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Monday, Aug. 30, 2004

They came, they saw, they pillaged Asia

LOS ANGELES -- Financial authorities are aghast over the latest near-death international financial collision. It involved a lightening-fast dumping earlier this month of nearly $14 billion in securities. The perpetrator was Citigroup, operating out of London.

In about two minutes, it flooded the European market with euro-zone government bonds, sending the price southward. Citigroup then began buying them back in huge gobs, realizing a complex but substantial profit in the end.

Furious over the ploy, the enforcement division of Britain's Financial Services Authority has launched a formal investigation. In a brusque statement, the FSA said its "key aims include maintaining efficient, orderly and clean financial markets. In the view of the FSA, achievement of that aim requires large players in financial markets to have regard for the likely consequences of their trading strategies."

There were two key prerequisites for Citigroup in executing this destabilizing but profitable coup. The first was state-of-the-art Internet and computer-technology that enables such colossal trades to be done in a matter of a few keystrokes. The second was pliable human software: the abject willingness of Citigroup to engage in what some observers termed "unprecedented trading tactics."

In truth, the bombastic bond deal was far from categorically unique. During the Asian financial crisis, after all, Western hedge, derivative and speculative funds prowled the region like voracious sharks in search of vulnerable equity and currency markets. Western money was shorting currencies and stocks day after day, unsettling even some economies that were otherwise fundamentally sound.

During the height of the crisis, Hong Kong's Donald Tsang complained to the then-chief financial secretary -- now the territory's No. 2 -- that "the amount of speculative money that can come into a local market, and the speed with which it can blow through a market, can overcome even well-ordered national economies."

Citigroup is hardly the first giant fund holder to push the ethical envelope and, without imaginative and far-reaching international regulation, will not be the last. Greed on some Adam Smith level may be good (as in the Great Motivator), but played out on the large tapestry of the international financial order, it presents the risk of sinking the Titanic.

What's more, these recurring convulsions of greed would at times appear to have an ugly West vs. East theme to it. Listen to this: "Throughout the eighties, the Japanese were stomping all over our economy. Buying up landmarks like Rockefeller Center, Pebble Beach and most of downtown L.A. They used a corrupt banking system and a closed, arbitrarily controlled market to protect themselves, creating massive inefficiencies along the way. My colleagues and I just capitalized on these inefficiencies."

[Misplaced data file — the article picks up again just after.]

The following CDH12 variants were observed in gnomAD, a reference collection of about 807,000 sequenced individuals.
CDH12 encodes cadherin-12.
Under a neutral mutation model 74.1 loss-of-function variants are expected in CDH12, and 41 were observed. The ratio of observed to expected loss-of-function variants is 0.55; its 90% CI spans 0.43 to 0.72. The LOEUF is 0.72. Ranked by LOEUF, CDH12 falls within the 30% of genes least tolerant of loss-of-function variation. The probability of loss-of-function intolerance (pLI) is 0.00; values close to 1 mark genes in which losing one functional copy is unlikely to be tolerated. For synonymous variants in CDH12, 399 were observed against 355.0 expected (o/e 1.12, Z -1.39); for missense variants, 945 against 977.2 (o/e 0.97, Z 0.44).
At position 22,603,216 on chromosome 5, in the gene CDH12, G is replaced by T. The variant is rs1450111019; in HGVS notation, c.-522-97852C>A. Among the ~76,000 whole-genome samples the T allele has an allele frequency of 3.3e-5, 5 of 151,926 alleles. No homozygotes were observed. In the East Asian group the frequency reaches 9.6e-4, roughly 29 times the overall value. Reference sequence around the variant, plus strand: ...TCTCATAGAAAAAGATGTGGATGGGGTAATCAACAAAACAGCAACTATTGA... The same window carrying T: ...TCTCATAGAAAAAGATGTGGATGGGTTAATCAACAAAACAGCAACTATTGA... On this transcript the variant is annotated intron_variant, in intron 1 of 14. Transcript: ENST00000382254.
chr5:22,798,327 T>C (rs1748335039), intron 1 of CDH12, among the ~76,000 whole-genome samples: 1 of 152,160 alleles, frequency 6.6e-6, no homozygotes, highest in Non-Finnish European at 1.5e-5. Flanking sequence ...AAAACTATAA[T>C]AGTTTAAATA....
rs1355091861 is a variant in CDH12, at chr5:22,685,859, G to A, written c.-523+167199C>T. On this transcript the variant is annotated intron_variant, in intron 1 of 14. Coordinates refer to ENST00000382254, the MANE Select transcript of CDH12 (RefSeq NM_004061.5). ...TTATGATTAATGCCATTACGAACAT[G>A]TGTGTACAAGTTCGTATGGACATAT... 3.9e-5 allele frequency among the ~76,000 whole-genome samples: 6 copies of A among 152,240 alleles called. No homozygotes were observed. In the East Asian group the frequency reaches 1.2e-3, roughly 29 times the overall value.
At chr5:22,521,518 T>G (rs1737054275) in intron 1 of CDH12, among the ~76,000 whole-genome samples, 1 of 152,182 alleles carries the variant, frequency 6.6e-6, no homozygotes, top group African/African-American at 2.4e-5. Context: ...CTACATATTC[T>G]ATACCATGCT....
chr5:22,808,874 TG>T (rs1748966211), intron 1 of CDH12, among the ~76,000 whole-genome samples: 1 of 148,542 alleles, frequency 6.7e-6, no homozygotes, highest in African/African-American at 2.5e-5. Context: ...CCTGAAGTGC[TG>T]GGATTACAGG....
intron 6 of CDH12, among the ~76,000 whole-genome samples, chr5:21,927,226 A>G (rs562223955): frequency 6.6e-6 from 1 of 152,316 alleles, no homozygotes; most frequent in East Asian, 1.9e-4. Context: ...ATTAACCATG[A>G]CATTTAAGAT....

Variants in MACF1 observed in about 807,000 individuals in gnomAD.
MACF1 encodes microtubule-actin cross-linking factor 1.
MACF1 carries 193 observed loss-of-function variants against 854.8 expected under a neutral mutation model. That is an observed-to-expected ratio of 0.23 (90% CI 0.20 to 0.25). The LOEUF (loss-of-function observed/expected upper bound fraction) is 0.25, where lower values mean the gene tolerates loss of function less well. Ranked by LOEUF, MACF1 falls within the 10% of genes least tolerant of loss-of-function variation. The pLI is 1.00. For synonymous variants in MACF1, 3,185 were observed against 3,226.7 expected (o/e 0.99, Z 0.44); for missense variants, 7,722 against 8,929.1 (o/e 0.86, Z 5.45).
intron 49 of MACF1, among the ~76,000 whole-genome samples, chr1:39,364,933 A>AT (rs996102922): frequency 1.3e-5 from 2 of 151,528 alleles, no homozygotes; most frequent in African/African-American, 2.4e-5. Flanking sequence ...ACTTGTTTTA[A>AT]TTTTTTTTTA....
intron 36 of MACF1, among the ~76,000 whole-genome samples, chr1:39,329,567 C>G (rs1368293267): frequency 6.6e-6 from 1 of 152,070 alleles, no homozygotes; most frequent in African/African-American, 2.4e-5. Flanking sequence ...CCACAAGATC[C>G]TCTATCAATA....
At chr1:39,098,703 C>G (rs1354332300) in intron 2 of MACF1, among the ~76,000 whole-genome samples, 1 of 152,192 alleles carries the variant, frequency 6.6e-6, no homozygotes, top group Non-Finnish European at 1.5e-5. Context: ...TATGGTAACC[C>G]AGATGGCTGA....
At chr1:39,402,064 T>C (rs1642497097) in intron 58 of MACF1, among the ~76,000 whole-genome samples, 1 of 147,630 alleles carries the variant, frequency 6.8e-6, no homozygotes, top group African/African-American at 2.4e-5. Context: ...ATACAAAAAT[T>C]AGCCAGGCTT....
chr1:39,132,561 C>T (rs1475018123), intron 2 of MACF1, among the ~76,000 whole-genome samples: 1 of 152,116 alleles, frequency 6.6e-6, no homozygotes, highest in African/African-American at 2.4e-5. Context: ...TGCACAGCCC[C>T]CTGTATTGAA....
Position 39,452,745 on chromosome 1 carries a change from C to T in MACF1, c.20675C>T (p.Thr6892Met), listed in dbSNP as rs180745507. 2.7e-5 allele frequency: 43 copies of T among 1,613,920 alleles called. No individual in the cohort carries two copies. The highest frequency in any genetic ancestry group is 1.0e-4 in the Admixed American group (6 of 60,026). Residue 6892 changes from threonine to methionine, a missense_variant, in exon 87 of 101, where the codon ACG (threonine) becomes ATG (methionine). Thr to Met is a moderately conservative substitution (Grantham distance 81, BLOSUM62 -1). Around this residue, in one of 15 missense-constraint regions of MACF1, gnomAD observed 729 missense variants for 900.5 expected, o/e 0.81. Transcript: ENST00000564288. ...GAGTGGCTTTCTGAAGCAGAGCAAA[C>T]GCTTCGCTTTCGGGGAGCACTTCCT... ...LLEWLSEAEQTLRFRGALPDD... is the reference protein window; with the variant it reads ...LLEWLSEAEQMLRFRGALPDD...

Those sentiments were attributed to young Princeton graduate John Malcolm by acclaimed author Ben Mezrich in the just-released nonfiction thriller described as "The True Story of the Ivy League Cowboys Who Raided the Asian Markets for Millions."

Malcolm, assistant trader to the notorious Nick Leeson, the 26-year-old Barings Bank trader who went to jail, and his twentysomething Ivy Leaguers entered the Asian markets and cleaned up via "arbitrage with a battle ax."

"The cast of characters was right out of a Hollywood thriller: geniuses culled almost exclusively from the Ivy League, driven by ambition, some with an almost total lack of both ethics and proportion," writes Mezrich. "Funded by private investors and massive corporate banks, they were raiders and traders and speculators all rolled together, true adrenaline junkies who lived at the edge of life."

This amazing story, which takes place primarily in Tokyo, Singapore and Hong Kong, is a micro-version in narrative of the dark side of the American dream. Mismanaged and corrupt regional economies were also to blame, to be sure. But the West's primary contribution in the initial stages -- before the entry of rescuing Western financial institutions -- was to make these crises worse more quickly.

"You have to understand," one young American trader is quoted in the book as saying about his rapacious stint in Tokyo, "I got here right after the [Japanese financial] bubble burst. In the eighties this was the richest city in the world; the streets were bleeding money. Then it all fell apart, and we showed up."

"An invasion from the West," quipped author Mezrich, a Harvard magna cum laude. His book is titled "Ugly Americans." I cannot recommend it more highly, not to mention with more sadness. The Asia financial crisis of 1997-99 may be long gone, but may it never be forgotten.

UCLA professor Tom Plate, a member of the Pacific Council on International Policy, is founder of the Asia Pacific Media Network. Copyright 2004 Tom Plate

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